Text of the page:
Wednesday, 14 September 2011

Matt Ridley - Genes, technology and the evolution of culture

Matt Ridley discusses cultural evolution and the origins of modern humans, and how cultural evolution leads and DNA genes follow.

He gives the example of blue eyes, claiming it was a consequence of agriculture, followed by the colonisation of northern Europe. That seems plausible to me.

Matt is asked a question about memetics 58 minutes in, and he generally expresses his approval - saying:

Q: I was wondering how a theory of memetics maps on your account?

A: Yeah, um, good question: how does the theory of memetics map on to my ideas and the meme theory that ideas behave like genes in that they replicate - essentially remember I ran through a series of slides of things that you need to find for an evolutionary system to work - memetics is concentrating on that "replictoion" slide - where I showed a picture of aeroplanes on an assembly line - memetics is talking about whether ideas replicate and copy themselves, etc, and it's therefore part of the story - but I'm focussing on the other parts of the story, at least particularly the "recombination" part. It's another analogy for a genetic evolutionary process - which is all part of the story - so it's a different emphasis - it's a different side of the same coin.

In fact, memetic recombination is surely part of memetics, in exactly the same way that genetic recombination is part of genetics.

Matt wrote a whole book on cultural evolution recently. There's a lot of "ideas having sex" - but memes are only mentioned on one page. That was a spectacularly disappointing turn-out.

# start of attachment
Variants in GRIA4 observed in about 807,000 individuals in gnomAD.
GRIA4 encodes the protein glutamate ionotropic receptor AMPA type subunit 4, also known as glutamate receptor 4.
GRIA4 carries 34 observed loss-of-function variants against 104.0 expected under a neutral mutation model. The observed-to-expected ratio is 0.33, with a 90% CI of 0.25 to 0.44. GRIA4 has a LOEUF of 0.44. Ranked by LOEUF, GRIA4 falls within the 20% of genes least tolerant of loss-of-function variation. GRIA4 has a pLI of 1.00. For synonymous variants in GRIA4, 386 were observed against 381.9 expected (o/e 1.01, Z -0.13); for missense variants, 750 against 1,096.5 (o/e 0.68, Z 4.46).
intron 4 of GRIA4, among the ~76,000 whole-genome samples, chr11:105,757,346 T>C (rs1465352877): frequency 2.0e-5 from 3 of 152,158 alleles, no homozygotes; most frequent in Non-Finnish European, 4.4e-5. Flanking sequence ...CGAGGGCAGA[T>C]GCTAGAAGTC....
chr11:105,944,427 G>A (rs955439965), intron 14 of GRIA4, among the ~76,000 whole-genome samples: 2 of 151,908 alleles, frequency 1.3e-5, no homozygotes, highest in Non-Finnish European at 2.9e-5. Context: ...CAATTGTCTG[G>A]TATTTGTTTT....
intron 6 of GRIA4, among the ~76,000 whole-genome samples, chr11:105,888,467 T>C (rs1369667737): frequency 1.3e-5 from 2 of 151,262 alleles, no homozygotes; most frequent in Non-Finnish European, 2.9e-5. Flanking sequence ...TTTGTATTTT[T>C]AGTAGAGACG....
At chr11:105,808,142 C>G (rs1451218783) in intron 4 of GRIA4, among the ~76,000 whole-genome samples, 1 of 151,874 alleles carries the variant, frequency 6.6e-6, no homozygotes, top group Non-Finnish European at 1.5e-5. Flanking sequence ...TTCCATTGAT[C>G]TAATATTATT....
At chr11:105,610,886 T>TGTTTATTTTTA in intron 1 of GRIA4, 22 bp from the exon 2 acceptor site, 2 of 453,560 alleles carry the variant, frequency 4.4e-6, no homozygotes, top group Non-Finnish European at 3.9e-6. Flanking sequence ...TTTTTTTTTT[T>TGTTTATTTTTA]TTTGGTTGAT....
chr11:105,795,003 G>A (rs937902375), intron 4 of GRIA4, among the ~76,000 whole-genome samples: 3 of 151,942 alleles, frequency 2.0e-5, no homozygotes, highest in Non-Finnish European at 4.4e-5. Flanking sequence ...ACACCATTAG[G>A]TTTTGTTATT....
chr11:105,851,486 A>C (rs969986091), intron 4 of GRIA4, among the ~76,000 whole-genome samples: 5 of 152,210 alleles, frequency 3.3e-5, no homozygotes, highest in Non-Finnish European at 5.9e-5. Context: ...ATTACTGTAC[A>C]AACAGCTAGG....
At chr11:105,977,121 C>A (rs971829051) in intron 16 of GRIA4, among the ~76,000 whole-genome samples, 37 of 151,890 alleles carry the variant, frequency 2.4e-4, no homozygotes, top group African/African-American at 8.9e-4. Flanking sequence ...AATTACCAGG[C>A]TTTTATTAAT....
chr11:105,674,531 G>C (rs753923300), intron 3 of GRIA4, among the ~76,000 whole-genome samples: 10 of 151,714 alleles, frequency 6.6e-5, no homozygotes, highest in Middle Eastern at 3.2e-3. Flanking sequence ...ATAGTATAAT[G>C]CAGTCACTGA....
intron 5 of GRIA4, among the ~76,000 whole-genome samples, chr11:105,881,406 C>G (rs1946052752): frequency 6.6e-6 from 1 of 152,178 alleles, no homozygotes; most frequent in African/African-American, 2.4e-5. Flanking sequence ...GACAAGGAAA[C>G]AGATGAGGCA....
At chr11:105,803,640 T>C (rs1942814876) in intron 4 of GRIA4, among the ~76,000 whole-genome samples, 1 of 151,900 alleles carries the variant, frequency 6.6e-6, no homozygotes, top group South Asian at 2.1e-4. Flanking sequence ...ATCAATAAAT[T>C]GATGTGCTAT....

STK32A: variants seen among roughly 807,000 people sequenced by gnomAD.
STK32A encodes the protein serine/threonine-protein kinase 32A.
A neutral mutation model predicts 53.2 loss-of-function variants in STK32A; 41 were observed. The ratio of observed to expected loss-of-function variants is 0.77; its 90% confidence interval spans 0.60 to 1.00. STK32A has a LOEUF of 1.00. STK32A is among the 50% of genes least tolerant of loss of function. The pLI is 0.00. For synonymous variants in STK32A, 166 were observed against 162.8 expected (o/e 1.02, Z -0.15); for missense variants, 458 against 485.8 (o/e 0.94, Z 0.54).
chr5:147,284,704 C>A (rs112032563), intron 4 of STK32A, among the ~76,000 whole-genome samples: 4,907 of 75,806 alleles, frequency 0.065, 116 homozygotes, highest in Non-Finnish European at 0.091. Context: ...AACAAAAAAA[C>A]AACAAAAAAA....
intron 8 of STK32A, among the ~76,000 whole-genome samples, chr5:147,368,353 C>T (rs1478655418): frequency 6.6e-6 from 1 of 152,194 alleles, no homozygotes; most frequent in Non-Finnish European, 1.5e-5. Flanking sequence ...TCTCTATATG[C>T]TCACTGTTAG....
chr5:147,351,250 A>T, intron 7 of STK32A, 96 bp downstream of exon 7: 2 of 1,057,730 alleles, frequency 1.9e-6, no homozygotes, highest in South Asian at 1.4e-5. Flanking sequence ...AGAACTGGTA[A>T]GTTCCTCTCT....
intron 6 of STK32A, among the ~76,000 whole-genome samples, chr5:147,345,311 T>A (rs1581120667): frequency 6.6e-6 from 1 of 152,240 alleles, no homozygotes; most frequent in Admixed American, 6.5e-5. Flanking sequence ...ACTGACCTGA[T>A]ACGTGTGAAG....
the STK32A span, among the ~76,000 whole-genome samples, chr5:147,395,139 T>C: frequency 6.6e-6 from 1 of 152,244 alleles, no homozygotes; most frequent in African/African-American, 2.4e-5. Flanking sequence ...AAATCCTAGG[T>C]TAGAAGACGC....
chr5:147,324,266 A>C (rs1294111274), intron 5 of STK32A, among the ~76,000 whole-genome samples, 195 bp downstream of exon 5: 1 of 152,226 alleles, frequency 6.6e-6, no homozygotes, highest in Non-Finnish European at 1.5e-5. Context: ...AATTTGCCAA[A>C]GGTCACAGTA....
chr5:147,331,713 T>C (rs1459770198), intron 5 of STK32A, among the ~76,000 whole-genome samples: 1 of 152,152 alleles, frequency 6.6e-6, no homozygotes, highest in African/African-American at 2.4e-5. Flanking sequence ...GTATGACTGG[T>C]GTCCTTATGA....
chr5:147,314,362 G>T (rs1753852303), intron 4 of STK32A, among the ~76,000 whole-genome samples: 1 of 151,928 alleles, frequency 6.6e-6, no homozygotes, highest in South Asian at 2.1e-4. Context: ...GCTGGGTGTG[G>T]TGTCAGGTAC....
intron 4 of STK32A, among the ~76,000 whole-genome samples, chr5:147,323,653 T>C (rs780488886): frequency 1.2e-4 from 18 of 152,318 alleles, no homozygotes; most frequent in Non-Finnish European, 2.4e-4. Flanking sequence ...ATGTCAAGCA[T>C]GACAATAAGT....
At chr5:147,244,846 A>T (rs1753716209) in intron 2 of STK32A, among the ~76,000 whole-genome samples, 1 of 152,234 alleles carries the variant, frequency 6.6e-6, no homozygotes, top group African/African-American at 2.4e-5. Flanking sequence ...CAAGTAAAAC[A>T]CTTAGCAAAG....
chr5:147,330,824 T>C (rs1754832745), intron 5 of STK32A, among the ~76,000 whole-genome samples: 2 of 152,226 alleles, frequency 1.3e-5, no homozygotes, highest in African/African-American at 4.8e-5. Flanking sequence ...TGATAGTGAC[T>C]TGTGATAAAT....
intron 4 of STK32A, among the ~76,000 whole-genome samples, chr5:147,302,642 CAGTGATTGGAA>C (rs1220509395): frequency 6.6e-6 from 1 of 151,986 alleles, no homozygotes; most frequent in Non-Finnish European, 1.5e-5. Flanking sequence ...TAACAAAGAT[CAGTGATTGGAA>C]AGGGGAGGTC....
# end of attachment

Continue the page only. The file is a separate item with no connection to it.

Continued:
Matt gives a similar talk here: Deep Optimism.

What about Matt's ideas about cultural recombination (starting around 22 minutes into the video)? Memetic recombination is probably ancient - predating the split with chimpanzees. For example, this video 27 minutes in, apparently shows a combination of chimpanzee ideas. They barter too a little - but they don't really have many artefacts to barter. So yes, recombination may well be important - but we are probably just talking about a cultural snowball that eventually got big enough to start picking up speed on its own. If you want an event to pin the birth of the recent human explosion on, the end of the last glacial cycle looks as though it is the most obvious candidate.

The other thing to say is that trade is not really the same thing as memetic recombination. Trade might well increase the rate of memetic recombination - but they aren't the same thing. I gave some examples of memetic recombination in my own book on memetics. My examples were "portmanteaus" - like:

  • cyborg - comes from cybernetic and organism;
  • ginormous - comes from gigantic and enormous;
Why doesn't trade qualify? Trade is more like two ecosystems exchanging organisms. That does "recombine" things - in a sense - but we don't usually describe moving creatures around between ecosystems as being a form of sexual recombination. IMO, memetic recombination ought to cleave functional units - at least sometimes - or it isn't really playing the same functional role that recombination plays in the organic realm.

Lastly, it is worth noting that recombination within minds doesn't discriminate between ideas that are the product of individual learning and social learning. Individually-learned ideas can recombine - and that has nothing to do with trade, or socially-transmitted memes.


  1. “... a spectacularly disappointing turn-out.”

    I like your turn of phrase! :)

  2. Superb video! Thanks for linking to it!